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of these incidents is thus narrated in the quaint narrative of a Scottish courtier who made it his business to chronicle the movements of the Court with uewsmanlike fidelity :— ‘Because the chappcll royal was ruinous and too little, the King concluded that the old chappell should be utterly rased, and a new [one] erected in the same place that should be more large, long, and glorious, to entertain the great number of strangers ’ who were expected to be present at the baptism. The interval demanded for the restoration of this decayed chapel at Stirling entailed an unu'sual delay between the child’s birth and his baptism, but it gratified the King by enabling him to send invitations far and wide. Had all of them met with acceptance they would have resulted in the presence of a cloud of witnesses, such as had rarely been seen in Scotland upon any the most famous occasion of courtly rejoicing. '

For the presence of two guests in particular JAMES was He wished to see an ambassador extraordinary from the Court of ELIZABETH, and another from that of HENRY THE FOURTH. HENRY would not gratify his wish, and the omission was much resented. ELIZABETH, on the other hand, was ostentatiously swift to comply, but her willingness was well nigh defeated by one of the common accidents of life. She had fixed her choice on the bril_ liant Earl of CUMBERLAND, whose love of magnificence was scarcely less prominent than was his love of adventure. He could grace a royal festivity, as conspicuously as he could lead a band of eager soldiers, or a crew of daring naviga_ tors. Just as the Earl’s costly preparations for his embassy were completed, he fell sick. Some days were lost in the hope of his speedy recovery, but the Queen was soon obliged to nominate the Earl of Sussex in his stead. Sussex had then to make preparations in turn. The day fixed for the ceremony in Scotland had to be more than twice postponed, in order to ensure his presence. In all, more than six months elapsed before the babe was really baptized. \Ve will hope that the Court Chronicler exaggerates a little when he tells us that ‘the time intervening was spent in magnificent banquetting and revelling.’ If so, the potations at Stirling must have vied with those of Elsinore.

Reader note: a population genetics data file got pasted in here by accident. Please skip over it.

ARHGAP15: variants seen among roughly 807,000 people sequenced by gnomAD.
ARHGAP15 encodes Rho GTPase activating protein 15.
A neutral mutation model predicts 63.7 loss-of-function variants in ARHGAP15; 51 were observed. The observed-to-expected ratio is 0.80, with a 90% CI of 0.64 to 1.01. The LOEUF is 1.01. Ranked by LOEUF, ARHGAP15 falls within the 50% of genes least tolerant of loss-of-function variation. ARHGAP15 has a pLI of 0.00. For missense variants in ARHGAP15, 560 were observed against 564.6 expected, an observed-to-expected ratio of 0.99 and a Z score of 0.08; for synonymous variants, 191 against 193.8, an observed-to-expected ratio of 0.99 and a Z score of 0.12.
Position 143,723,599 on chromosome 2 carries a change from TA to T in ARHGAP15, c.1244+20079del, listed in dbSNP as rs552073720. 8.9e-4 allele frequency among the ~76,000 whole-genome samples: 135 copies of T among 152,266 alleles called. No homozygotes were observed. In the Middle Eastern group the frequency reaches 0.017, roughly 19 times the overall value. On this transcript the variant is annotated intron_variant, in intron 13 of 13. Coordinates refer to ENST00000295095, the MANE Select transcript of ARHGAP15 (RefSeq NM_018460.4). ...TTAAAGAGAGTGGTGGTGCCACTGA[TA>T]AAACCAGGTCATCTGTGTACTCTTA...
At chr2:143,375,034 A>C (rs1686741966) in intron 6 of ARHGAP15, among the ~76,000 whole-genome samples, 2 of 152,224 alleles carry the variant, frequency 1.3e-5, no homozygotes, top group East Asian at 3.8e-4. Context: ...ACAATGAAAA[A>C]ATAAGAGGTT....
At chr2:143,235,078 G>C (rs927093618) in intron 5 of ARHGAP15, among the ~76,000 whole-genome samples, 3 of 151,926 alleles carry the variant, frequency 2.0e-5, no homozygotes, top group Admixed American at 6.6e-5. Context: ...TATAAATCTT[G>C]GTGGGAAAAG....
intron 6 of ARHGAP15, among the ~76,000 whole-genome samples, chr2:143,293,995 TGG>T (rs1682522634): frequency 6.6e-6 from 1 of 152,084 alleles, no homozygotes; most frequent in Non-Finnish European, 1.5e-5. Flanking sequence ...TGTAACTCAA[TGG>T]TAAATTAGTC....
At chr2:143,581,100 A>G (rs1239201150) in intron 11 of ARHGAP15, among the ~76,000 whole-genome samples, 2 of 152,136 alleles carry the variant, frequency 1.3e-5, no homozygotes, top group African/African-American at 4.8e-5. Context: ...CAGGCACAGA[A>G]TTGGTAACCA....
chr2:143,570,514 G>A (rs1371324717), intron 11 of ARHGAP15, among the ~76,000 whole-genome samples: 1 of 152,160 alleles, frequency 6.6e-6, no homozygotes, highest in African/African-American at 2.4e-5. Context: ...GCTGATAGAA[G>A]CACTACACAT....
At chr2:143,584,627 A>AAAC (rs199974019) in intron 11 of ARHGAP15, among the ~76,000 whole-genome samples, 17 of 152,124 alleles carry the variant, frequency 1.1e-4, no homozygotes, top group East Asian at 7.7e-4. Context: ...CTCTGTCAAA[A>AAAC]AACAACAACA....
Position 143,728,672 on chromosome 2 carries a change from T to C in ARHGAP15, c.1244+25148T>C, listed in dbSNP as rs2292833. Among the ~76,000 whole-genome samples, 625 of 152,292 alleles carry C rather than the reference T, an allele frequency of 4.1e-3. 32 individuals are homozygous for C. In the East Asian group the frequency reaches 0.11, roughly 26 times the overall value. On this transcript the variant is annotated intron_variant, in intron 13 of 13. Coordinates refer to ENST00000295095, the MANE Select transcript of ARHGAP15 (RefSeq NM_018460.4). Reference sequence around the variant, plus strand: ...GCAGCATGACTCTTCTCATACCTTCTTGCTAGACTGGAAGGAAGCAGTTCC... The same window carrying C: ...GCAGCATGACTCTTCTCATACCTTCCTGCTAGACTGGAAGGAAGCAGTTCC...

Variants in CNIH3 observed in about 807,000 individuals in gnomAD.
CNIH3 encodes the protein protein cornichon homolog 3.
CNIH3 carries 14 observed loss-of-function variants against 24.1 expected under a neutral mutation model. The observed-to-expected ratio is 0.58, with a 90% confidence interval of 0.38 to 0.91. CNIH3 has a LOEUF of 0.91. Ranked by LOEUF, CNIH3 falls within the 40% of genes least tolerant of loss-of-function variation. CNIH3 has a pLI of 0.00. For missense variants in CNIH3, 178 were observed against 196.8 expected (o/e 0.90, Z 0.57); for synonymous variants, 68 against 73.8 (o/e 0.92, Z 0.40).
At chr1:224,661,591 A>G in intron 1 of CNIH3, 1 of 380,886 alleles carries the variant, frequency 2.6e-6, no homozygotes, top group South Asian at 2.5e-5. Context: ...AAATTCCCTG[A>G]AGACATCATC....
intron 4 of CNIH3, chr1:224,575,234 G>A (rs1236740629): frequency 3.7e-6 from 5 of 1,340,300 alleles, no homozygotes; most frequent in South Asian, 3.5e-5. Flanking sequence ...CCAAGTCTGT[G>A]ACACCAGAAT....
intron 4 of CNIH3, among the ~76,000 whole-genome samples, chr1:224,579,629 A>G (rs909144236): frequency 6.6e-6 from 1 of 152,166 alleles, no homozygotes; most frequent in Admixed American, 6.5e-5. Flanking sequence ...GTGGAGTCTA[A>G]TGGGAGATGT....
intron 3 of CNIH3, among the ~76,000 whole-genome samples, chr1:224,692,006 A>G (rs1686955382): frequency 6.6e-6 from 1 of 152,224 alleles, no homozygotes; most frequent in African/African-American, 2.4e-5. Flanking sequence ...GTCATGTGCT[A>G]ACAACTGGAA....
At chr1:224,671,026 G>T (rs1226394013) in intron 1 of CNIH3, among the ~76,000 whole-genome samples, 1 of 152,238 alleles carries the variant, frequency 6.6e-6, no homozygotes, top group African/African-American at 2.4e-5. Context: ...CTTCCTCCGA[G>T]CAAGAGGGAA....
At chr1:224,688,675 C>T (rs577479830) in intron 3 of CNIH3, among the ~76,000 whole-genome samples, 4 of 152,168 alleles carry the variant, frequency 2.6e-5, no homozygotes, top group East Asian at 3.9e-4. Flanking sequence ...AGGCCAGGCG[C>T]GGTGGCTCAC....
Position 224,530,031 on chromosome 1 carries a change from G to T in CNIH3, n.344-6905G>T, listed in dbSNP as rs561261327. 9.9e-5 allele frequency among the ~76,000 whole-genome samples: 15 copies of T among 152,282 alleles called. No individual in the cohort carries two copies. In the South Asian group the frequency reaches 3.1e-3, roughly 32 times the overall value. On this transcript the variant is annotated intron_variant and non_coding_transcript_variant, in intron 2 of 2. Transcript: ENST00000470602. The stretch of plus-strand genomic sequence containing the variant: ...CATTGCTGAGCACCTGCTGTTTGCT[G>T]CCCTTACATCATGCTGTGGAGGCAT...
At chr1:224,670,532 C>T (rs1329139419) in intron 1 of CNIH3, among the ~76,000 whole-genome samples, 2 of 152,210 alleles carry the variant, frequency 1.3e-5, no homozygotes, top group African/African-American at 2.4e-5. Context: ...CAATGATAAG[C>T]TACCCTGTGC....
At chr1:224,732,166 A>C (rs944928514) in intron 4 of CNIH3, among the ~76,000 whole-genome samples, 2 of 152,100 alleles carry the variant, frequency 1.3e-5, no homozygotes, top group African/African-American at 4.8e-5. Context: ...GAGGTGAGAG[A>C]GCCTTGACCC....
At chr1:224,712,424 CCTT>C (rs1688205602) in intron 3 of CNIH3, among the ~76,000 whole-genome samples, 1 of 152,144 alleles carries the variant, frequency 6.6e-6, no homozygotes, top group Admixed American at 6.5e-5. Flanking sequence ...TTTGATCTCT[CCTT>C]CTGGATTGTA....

When the long-expected day arrived (30 August, 1594) the child lay ‘ on a bed of estate richly decored . . with the story of HERCULEs.’ The old Countess of MAP. lifted him into the arms of LENNOX, and by him the babe was transferred to those of the English ambassador who held him during baptism. Then Patrick GALLOWAY, we are told, learnedly entreated upon a text from the 21st chapter of Genesis. ,

The Bishop of ABERDEEN taught, in his turn, upon the Sacrament of Baptism—first in the vulgar tongue and then in Latin—and his discourse was followed by the twenty-first Psalm, ‘sung to the great delectation of the noble auditory,’ and also by a panegyric upon the Prince, delivered in Latin verse, from the pulpit. Then came a banquet, at which ‘six gallant dames ’ had the cruel task assigned them of performing ‘a silent comedy.’ To the banquet succeeded a ‘desart of sugar,’ drawn in upon a triumphal chariot. The original programme had provided that this richly-laden chariot should be drawn by a. lion, for whose due tameness the projector had pledged himself. But to King James a lion, like a sword, was at all times an unpleasant object. He said that it would afi‘riglit the ladies, and that ‘a black-moore’ would be a more safe propeller. Banquet and dessert together lasted from eight o’clock in the evening until three of the following morning.